"The Wicked Day" opened with a familiar upbeat tone of grinning faces and whistling music, as a travelling circus arrived at Camelot to help celebrate Arthur's birthday, and you immediately expected another of Merlin's more lighthearted escapades to counteract the downbeat premiere. But once the circus's Gleeman (Whitechapel's Phil Davis) turned deadly assassin, managing to plunge a sword into the king's chest before dying, things turned darker and mostly stayed that way. As the king lay dying from internal bleeding, Arthur realized that only magic can save his father's life, so Merlin arranged for the prince to visit... himself, magically disguised as a cantankerous old wizard, living in a woodland hut. I'm not a fan of Morgan's performance as the Older Merlin, which is too broad and silly for my taste, but his gurning geriatric undoubtedly gave the episode some much-needed levity. It was particularly good fun seeing the aged sorcerer abuse his position to force Arthur into giving him a piggyback around the castle, as manservant Merlin got some sneaky payback on his demanding master.
I was surprised "The Wicked Day" was written by Howard Overman. He was one of the show's best writers in its early days, and it's nice to see he's still willing to return for the occasional episode since his career took off with Misfits, but I expected something a little better from him. The episode had some juicy things to cover, and Arthur's coronation is arguably the biggest development of Merlin since it began, but the handling didn't impress me. Why have Uther mortally wounded by a mere guest star assassin we've never met? Surely it would have been more dramatic and emotional if Morgana had been directly responsible? It was also frustrating that Uther's two death scenes (the one following his stabbing and the one after receiving Merlin's corrupted spell) didn't stir any deep emotion in me. Maybe I'm alone in that response, but for whatever reason the performances of Head and James didn't touch my heart at any point, which was a pity.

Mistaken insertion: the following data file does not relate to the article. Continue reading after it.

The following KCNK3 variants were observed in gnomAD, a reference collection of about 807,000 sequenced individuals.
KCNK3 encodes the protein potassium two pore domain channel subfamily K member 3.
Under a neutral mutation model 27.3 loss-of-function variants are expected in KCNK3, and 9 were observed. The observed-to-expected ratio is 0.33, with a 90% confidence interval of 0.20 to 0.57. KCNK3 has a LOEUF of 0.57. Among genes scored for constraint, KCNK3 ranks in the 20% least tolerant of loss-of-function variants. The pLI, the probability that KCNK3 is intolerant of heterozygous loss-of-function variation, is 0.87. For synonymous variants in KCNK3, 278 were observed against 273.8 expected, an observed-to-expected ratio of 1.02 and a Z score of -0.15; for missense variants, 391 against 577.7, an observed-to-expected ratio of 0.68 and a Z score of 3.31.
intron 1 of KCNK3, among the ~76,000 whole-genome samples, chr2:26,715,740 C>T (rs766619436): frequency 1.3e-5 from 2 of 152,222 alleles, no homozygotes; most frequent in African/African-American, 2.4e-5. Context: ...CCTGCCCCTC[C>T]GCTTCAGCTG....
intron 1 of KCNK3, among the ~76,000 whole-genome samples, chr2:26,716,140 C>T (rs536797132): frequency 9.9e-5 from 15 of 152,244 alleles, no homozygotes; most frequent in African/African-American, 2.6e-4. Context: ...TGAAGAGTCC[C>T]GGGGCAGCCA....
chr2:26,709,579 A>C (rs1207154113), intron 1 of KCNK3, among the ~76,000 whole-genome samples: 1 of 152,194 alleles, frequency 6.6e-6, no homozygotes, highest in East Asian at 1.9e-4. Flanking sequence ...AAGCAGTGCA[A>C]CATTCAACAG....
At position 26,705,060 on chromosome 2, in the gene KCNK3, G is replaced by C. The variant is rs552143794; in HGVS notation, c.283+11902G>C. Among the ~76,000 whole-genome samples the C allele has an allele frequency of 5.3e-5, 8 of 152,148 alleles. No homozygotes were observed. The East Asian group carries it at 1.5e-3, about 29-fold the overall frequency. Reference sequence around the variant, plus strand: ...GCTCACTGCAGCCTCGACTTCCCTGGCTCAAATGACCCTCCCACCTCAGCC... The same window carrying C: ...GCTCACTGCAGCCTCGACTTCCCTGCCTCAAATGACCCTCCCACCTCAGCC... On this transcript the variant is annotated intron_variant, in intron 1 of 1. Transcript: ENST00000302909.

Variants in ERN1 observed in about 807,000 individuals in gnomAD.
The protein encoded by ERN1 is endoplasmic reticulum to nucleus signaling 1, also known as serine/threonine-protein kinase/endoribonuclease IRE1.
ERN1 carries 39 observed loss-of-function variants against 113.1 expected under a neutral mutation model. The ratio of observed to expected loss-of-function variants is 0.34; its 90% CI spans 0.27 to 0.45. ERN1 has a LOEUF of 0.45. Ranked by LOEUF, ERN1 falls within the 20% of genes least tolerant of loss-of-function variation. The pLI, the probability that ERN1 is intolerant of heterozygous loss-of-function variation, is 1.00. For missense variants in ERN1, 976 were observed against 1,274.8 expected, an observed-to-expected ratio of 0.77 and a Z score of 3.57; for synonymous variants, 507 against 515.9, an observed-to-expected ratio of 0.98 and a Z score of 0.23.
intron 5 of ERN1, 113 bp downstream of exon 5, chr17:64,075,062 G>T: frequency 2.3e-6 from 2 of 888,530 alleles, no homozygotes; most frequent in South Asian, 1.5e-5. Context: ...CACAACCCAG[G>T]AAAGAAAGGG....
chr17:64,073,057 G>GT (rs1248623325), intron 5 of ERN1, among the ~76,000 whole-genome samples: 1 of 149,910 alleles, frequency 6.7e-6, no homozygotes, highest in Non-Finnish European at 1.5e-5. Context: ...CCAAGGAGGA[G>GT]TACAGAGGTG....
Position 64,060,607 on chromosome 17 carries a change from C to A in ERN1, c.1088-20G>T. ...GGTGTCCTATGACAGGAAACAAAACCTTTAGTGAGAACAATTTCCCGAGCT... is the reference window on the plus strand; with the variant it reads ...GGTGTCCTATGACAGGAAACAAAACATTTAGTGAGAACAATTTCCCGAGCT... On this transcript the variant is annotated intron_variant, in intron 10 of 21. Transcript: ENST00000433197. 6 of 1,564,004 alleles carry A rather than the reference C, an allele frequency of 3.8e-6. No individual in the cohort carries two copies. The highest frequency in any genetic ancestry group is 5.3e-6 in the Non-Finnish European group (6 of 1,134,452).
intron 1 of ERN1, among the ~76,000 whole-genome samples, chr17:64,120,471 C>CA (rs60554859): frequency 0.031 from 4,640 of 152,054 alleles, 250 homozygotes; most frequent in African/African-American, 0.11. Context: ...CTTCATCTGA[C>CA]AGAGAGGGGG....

Overall, "The Wicked Way" was certainly an important and notable episode in the evolution of a series that usually struggles to move beyond its original setup--especially because Athur might actually be more intolerant of magic than his father was. It's altered the show's central relationship, which is welcome, but it remains to be seen if these changes are for the better... or if Arthur will just become a youthful echo of Uther, meaning the writers have simply merged the two Pendragon characters into one.
written by Howard Overman · directed by Alice Troughton · 15 October 2011 · BBC1